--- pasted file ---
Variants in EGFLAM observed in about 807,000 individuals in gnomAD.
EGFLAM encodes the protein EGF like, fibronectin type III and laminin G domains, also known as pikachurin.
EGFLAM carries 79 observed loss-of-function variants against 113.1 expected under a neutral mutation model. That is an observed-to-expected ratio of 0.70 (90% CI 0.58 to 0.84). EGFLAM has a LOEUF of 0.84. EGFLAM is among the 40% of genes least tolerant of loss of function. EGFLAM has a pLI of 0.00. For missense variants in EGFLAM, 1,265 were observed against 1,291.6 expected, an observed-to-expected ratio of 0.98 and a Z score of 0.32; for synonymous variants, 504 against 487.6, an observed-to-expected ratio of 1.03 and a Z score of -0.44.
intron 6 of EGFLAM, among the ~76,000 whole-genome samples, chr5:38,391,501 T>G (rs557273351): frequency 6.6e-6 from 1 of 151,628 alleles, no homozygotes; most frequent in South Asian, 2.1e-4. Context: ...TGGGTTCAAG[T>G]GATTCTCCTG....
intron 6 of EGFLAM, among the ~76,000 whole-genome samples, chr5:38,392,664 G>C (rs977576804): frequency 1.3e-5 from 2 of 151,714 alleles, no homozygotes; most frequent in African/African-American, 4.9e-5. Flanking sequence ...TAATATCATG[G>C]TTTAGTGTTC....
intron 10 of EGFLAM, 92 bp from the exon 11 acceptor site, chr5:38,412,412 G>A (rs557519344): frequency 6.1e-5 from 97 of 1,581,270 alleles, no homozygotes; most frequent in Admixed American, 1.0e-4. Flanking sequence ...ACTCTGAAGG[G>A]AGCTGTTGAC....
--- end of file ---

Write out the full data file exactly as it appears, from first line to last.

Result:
Variants in EGFLAM observed in about 807,000 individuals in gnomAD.
EGFLAM encodes the protein EGF like, fibronectin type III and laminin G domains, also known as pikachurin.
EGFLAM carries 79 observed loss-of-function variants against 113.1 expected under a neutral mutation model. That is an observed-to-expected ratio of 0.70 (90% CI 0.58 to 0.84). EGFLAM has a LOEUF of 0.84. EGFLAM is among the 40% of genes least tolerant of loss of function. EGFLAM has a pLI of 0.00. For missense variants in EGFLAM, 1,265 were observed against 1,291.6 expected, an observed-to-expected ratio of 0.98 and a Z score of 0.32; for synonymous variants, 504 against 487.6, an observed-to-expected ratio of 1.03 and a Z score of -0.44.
intron 6 of EGFLAM, among the ~76,000 whole-genome samples, chr5:38,391,501 T>G (rs557273351): frequency 6.6e-6 from 1 of 151,628 alleles, no homozygotes; most frequent in South Asian, 2.1e-4. Context: ...TGGGTTCAAG[T>G]GATTCTCCTG....
intron 6 of EGFLAM, among the ~76,000 whole-genome samples, chr5:38,392,664 G>C (rs977576804): frequency 1.3e-5 from 2 of 151,714 alleles, no homozygotes; most frequent in African/African-American, 4.9e-5. Flanking sequence ...TAATATCATG[G>C]TTTAGTGTTC....
intron 10 of EGFLAM, 92 bp from the exon 11 acceptor site, chr5:38,412,412 G>A (rs557519344): frequency 6.1e-5 from 97 of 1,581,270 alleles, no homozygotes; most frequent in Admixed American, 1.0e-4. Flanking sequence ...ACTCTGAAGG[G>A]AGCTGTTGAC....